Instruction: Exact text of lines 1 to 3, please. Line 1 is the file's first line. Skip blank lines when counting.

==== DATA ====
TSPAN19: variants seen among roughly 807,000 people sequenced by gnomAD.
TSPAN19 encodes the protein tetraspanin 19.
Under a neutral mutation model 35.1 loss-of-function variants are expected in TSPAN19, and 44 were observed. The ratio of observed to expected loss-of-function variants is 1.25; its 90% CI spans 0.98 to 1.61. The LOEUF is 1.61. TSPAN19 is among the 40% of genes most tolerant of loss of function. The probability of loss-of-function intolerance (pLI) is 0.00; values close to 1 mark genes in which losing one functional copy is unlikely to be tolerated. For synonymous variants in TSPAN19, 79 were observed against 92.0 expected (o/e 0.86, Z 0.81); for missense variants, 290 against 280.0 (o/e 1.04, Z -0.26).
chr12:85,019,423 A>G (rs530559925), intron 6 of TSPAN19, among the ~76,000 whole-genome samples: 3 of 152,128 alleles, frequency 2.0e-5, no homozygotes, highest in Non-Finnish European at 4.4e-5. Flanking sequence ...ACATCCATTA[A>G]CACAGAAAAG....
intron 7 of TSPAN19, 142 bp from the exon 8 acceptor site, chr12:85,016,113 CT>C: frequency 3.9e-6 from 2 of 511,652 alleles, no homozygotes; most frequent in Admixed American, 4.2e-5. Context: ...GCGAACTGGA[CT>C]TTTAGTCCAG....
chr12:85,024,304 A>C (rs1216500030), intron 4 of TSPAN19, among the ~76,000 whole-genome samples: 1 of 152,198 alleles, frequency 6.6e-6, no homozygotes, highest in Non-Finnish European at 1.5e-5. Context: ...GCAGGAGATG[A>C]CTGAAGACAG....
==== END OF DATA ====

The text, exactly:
TSPAN19: variants seen among roughly 807,000 people sequenced by gnomAD.
TSPAN19 encodes the protein tetraspanin 19.
Under a neutral mutation model 35.1 loss-of-function variants are expected in TSPAN19, and 44 were observed. The ratio of observed to expected loss-of-function variants is 1.25; its 90% CI spans 0.98 to 1.61. The LOEUF is 1.61. TSPAN19 is among the 40% of genes most tolerant of loss of function. The probability of loss-of-function intolerance (pLI) is 0.00; values close to 1 mark genes in which losing one functional copy is unlikely to be tolerated. For synonymous variants in TSPAN19, 79 were observed against 92.0 expected (o/e 0.86, Z 0.81); for missense variants, 290 against 280.0 (o/e 1.04, Z -0.26).